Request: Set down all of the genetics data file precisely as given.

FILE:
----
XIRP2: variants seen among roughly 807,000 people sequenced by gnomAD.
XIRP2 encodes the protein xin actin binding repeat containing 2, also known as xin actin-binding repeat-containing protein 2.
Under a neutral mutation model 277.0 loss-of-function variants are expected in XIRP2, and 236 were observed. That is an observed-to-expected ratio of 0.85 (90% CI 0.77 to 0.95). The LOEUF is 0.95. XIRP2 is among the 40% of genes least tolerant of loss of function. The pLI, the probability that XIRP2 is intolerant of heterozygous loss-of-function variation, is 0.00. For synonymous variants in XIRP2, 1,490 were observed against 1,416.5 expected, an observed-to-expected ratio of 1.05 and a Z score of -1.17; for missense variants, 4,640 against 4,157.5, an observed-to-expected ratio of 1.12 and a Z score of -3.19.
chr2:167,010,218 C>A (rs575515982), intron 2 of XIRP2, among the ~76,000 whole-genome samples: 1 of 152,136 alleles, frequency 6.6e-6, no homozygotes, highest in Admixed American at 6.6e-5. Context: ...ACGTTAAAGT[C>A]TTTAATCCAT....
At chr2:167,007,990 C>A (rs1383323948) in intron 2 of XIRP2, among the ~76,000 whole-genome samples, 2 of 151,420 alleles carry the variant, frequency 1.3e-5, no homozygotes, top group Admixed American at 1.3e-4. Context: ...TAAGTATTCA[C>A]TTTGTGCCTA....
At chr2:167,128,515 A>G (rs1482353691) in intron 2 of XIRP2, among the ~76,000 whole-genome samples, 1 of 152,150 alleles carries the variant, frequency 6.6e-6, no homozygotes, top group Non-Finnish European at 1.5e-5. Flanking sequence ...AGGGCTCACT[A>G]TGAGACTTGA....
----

XIRP2: variants seen among roughly 807,000 people sequenced by gnomAD.
XIRP2 encodes the protein xin actin binding repeat containing 2, also known as xin actin-binding repeat-containing protein 2.
Under a neutral mutation model 277.0 loss-of-function variants are expected in XIRP2, and 236 were observed. That is an observed-to-expected ratio of 0.85 (90% CI 0.77 to 0.95). The LOEUF is 0.95. XIRP2 is among the 40% of genes least tolerant of loss of function. The pLI, the probability that XIRP2 is intolerant of heterozygous loss-of-function variation, is 0.00. For synonymous variants in XIRP2, 1,490 were observed against 1,416.5 expected, an observed-to-expected ratio of 1.05 and a Z score of -1.17; for missense variants, 4,640 against 4,157.5, an observed-to-expected ratio of 1.12 and a Z score of -3.19.
chr2:167,010,218 C>A (rs575515982), intron 2 of XIRP2, among the ~76,000 whole-genome samples: 1 of 152,136 alleles, frequency 6.6e-6, no homozygotes, highest in Admixed American at 6.6e-5. Context: ...ACGTTAAAGT[C>A]TTTAATCCAT....
At chr2:167,007,990 C>A (rs1383323948) in intron 2 of XIRP2, among the ~76,000 whole-genome samples, 2 of 151,420 alleles carry the variant, frequency 1.3e-5, no homozygotes, top group Admixed American at 1.3e-4. Context: ...TAAGTATTCA[C>A]TTTGTGCCTA....
At chr2:167,128,515 A>G (rs1482353691) in intron 2 of XIRP2, among the ~76,000 whole-genome samples, 1 of 152,150 alleles carries the variant, frequency 6.6e-6, no homozygotes, top group Non-Finnish European at 1.5e-5. Flanking sequence ...AGGGCTCACT[A>G]TGAGACTTGA....